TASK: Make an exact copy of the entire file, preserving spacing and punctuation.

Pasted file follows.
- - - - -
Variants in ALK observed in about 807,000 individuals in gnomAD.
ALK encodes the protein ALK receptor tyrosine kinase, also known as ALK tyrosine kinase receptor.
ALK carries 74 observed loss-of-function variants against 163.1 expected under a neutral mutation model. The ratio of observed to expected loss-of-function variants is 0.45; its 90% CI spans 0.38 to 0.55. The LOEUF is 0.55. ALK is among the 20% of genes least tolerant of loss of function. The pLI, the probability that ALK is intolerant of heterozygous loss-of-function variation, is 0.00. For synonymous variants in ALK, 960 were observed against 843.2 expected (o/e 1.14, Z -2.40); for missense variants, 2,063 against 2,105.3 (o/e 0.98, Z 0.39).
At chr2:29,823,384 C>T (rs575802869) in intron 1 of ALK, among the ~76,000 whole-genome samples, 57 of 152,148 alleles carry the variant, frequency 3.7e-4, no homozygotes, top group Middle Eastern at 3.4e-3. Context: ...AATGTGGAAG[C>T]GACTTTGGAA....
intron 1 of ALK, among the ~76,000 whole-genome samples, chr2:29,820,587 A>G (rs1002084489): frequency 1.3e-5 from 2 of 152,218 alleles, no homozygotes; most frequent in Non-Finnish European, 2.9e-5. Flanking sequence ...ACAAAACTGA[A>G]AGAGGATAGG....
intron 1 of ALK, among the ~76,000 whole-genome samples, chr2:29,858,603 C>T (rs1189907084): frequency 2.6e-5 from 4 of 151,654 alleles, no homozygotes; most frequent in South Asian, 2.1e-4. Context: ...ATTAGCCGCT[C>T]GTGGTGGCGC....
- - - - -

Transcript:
Variants in ALK observed in about 807,000 individuals in gnomAD.
ALK encodes the protein ALK receptor tyrosine kinase, also known as ALK tyrosine kinase receptor.
ALK carries 74 observed loss-of-function variants against 163.1 expected under a neutral mutation model. The ratio of observed to expected loss-of-function variants is 0.45; its 90% CI spans 0.38 to 0.55. The LOEUF is 0.55. ALK is among the 20% of genes least tolerant of loss of function. The pLI, the probability that ALK is intolerant of heterozygous loss-of-function variation, is 0.00. For synonymous variants in ALK, 960 were observed against 843.2 expected (o/e 1.14, Z -2.40); for missense variants, 2,063 against 2,105.3 (o/e 0.98, Z 0.39).
At chr2:29,823,384 C>T (rs575802869) in intron 1 of ALK, among the ~76,000 whole-genome samples, 57 of 152,148 alleles carry the variant, frequency 3.7e-4, no homozygotes, top group Middle Eastern at 3.4e-3. Context: ...AATGTGGAAG[C>T]GACTTTGGAA....
intron 1 of ALK, among the ~76,000 whole-genome samples, chr2:29,820,587 A>G (rs1002084489): frequency 1.3e-5 from 2 of 152,218 alleles, no homozygotes; most frequent in Non-Finnish European, 2.9e-5. Flanking sequence ...ACAAAACTGA[A>G]AGAGGATAGG....
intron 1 of ALK, among the ~76,000 whole-genome samples, chr2:29,858,603 C>T (rs1189907084): frequency 2.6e-5 from 4 of 151,654 alleles, no homozygotes; most frequent in South Asian, 2.1e-4. Context: ...ATTAGCCGCT[C>T]GTGGTGGCGC....